From driving taxis to tending bars, an increasing number of women in India are breaking into male bastions and asserting that they can be as good, if not better, at jobs that were traditionally perceived as being only for men.
Shanno, a widow and mother of three children, broke free from a stereotypical job and became a part of an all-woman cab service called Sakha in the national capital.
"I used to do stitching before becoming a cab driver, but doing this (driving) gives me more happiness. I feel that I can easily compete with men. I am no less," Shanno told IANS.
"I don't know why women are always expected to do things like making jams and pickles, and stitching. I wanted to do something different but higher income jobs are still male dominated," said Shanno's colleague Chandani.
Megha, a successful Mumbai-based disk jockey (DJ), said people in the beginning did not take her seriously since the profession was not considered an option for women. However, she soon proved her competence.
"Initially, because I was a girl, no one took me seriously. Everyone was extra critical of me. People thought that I would just come and go and not survive for so long but I was adamant about proving myself," said the 28-year-old.
"Six months down the line, I had mastered the art and had started doing well. That is when people started taking me seriously because I proved my capability through my work," she added.
With the society warming up to women with alternate professions and families supporting them with their decisions, today women have a plethora of career options to choose from.
Chennai-based S. Muthulakshmi is one of the increasing number of women not opting for a 9-5 job.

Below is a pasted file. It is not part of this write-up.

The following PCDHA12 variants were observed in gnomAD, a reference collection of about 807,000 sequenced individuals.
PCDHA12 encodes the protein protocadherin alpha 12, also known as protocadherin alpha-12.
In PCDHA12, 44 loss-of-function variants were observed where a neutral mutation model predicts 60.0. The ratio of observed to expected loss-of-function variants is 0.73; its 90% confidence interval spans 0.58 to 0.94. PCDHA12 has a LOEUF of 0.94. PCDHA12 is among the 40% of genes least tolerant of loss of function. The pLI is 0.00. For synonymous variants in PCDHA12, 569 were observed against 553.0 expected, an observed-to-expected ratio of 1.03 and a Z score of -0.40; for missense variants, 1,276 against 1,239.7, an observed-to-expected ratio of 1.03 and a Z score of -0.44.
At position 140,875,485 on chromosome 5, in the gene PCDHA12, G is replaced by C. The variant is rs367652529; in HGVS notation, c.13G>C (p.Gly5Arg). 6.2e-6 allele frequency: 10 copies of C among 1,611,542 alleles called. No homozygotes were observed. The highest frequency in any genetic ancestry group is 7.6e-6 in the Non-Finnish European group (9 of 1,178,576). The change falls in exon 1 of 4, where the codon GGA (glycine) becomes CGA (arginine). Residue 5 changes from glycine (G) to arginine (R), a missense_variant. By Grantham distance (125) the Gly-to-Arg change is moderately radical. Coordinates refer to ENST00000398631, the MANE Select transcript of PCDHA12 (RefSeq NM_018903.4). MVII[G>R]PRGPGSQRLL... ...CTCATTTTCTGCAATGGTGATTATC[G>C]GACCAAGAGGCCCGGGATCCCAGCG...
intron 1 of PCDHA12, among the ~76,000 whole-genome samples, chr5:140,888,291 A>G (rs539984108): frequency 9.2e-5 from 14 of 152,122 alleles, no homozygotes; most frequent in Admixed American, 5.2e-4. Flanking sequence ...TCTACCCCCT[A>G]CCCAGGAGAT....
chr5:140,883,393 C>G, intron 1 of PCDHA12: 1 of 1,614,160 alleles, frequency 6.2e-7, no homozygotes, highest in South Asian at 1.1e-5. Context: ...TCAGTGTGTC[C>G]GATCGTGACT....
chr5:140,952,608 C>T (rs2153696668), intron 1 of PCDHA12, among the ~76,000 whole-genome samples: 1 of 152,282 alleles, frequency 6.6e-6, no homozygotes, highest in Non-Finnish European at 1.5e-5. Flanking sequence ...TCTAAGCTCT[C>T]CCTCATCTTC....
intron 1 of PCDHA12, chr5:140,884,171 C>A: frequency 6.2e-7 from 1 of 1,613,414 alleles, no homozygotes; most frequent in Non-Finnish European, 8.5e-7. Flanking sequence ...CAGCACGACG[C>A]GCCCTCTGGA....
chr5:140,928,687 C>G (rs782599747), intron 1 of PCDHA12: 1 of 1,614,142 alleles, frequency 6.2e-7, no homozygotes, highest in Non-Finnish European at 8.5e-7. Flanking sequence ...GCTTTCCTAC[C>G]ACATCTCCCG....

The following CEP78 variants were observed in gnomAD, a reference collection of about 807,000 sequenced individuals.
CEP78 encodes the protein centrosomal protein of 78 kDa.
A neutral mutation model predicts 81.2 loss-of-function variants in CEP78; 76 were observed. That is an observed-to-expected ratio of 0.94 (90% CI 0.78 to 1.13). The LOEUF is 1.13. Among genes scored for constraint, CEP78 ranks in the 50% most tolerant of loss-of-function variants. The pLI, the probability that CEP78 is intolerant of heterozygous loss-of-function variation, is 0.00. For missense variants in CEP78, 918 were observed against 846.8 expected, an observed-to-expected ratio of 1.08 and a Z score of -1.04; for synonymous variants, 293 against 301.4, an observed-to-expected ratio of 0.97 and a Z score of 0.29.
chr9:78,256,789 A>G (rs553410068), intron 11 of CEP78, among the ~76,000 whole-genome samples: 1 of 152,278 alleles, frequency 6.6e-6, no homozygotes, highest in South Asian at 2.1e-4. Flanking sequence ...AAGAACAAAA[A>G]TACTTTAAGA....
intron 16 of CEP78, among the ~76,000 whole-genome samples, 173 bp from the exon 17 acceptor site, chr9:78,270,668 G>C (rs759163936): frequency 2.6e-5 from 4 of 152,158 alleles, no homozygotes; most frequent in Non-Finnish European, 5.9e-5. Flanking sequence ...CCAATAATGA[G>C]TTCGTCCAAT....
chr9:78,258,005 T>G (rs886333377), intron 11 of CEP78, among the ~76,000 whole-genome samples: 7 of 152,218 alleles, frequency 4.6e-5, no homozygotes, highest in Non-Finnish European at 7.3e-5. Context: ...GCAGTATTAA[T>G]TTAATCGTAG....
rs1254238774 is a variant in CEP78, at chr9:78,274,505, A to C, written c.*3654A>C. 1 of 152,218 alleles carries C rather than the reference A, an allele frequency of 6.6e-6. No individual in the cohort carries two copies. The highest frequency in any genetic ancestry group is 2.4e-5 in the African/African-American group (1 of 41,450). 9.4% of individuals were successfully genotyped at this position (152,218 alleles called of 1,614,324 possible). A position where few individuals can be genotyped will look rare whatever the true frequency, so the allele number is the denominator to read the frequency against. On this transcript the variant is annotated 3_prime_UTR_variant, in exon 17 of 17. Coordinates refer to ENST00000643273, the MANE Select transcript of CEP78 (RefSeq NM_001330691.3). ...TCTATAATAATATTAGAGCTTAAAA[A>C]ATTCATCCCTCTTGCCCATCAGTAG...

"One day I saw an article in the paper on bartending and I got interested. I was a little skeptical in the beginning, but when I showed the article to my husband he was all for me to take up a job as a bartender. He said that I could do whatever I want to as long as I like it," Muthulakshmi said.
"Everyone in my family too supported me with this decision because they had faith in me," she added.
S. Edison Amalraj, principal of the Indian Institute of Bartending in Chennai, said there has been an increase in the number of young women joining the profession.
"I'm happy that more and more girls are taking up this profession, which was earlier reserved just for males," he opined.
Monica David, senior cameraperson for Focus TV - an all women channel to be launched on March 8, said: "When I go in the field to cover news, sometimes it becomes difficult for me due to various external factors but then men too face similar hassles. I don't think I'm any less than men. I do my job with full determination."
With women moving beyond their league and successfully facing challenges not only among themselves but also from the opposite sex, women's empowerment is only set to increase.